When I go deep and analyze the reasons why I became a cinematographer, it always boils down to one peculiar factor – mastery.
Looking back at my time as a kid growing up in Brooklyn, I’ve come to understand what appealed to me in all of the people I admired. They were really good at something. It didn’t matter if they were a ballplayer, an astronaut, a rock star…the local mechanic or the dog catcher. If I recognized that they had put in the time and energy to learn how to do something on a superior level, well, they lived on a pedestal as far as I was concerned.
That seems like an odd thing for such a young person to embrace, but it increased in its zeal as I was exposed to more of the world. And when the time came to choose my own path, it was foremost in my mind. Whatever I did, I wanted to be among the best and was prepared to expend any effort necessary in order to join those ranks. Though I could just as easily have gone another way, I stumbled into cinematography – and I’m eternally thankful for that. I was blessed to get to know some amazing role models who taught me so much and whom I so idolized – Alonzo, Bailey, Butler, Daviau, Dibie, Fraker, Hall, Kemper, Kovacs, Omens, Roizman, Wexler, Willis, Zsigmond… If those names don’t ring a bell, look ’em up!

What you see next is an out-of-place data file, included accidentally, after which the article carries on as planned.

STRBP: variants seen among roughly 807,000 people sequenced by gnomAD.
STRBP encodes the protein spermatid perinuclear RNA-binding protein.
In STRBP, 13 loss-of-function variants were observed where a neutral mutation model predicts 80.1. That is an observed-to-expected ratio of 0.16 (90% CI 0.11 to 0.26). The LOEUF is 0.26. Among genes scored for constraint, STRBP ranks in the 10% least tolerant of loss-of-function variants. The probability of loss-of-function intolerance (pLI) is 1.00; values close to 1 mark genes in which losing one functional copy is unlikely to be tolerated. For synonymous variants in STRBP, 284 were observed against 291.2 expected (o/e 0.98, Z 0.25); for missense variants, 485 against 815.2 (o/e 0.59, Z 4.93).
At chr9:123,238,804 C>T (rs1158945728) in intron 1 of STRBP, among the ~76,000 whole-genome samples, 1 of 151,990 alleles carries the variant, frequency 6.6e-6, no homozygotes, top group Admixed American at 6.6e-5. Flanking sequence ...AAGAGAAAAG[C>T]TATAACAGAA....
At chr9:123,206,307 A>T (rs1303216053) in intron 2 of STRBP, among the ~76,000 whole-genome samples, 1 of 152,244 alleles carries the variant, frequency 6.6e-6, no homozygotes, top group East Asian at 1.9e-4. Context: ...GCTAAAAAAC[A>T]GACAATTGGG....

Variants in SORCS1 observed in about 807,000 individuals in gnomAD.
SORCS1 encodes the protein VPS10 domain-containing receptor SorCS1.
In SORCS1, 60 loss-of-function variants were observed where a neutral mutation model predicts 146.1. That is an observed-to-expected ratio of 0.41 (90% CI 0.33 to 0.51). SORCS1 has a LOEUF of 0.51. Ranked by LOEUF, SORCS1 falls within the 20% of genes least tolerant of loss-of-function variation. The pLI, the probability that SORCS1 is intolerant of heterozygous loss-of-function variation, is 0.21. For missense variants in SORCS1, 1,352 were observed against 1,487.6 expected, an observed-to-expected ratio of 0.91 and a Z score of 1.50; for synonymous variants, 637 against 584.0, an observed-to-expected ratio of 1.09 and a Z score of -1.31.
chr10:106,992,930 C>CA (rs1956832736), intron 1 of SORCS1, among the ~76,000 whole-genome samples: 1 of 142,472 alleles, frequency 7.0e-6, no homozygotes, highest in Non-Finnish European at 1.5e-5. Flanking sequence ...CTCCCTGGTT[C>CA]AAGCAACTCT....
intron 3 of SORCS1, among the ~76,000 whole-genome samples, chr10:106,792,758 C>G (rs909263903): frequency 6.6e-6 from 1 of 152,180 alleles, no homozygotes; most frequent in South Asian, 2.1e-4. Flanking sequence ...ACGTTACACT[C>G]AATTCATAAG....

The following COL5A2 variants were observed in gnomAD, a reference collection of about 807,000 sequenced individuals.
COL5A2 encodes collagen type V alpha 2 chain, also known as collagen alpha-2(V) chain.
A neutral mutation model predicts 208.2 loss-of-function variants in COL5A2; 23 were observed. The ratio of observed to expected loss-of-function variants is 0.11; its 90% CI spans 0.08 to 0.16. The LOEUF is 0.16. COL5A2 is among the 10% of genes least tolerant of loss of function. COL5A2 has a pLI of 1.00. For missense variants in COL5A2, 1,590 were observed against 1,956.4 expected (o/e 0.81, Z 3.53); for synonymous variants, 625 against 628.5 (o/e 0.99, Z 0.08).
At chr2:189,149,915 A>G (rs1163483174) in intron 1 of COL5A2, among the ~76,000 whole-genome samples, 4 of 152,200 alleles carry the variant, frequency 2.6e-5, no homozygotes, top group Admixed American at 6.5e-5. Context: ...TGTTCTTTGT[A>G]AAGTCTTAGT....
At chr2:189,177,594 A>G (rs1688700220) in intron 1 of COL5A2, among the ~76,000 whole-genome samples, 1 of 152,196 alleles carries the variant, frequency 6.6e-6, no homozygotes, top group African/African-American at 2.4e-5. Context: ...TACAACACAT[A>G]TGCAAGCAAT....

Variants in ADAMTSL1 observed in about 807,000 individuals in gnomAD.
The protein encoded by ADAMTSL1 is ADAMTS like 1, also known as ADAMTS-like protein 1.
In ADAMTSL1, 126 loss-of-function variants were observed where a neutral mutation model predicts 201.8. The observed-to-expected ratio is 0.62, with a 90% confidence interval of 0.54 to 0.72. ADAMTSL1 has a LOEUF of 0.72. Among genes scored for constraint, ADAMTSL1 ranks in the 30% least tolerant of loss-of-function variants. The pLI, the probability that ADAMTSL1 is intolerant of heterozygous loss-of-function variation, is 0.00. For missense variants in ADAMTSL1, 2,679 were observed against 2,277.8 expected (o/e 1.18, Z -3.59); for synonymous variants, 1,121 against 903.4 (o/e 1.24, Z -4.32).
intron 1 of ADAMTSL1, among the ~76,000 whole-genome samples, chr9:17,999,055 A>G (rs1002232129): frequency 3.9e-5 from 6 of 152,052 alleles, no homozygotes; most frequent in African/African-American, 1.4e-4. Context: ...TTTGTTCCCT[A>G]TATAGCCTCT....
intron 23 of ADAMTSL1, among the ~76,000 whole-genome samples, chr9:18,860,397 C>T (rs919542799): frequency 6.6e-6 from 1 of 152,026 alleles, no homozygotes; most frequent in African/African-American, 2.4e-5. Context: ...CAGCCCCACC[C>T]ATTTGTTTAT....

The best of what I learned from them didn’t concern lenses, emulsions or sensors, although there was plenty of that. It also didn’t end at the door to the ASC Clubhouse. Besides being great cinematographers, they were all fantastic characters, just wonderful human beings. Though I’d never place myself in their class, I’m forever in their debt for the examples they set and the guidance they so generously dispensed.
The learning and honing and striving to be better never stops. Now, the bigger satisfaction is in passing those lessons along to the younger generation or anyone else who might be interested.
If I’m lucky and keep working hard, I might just have a chance to live up to an incredible legacy…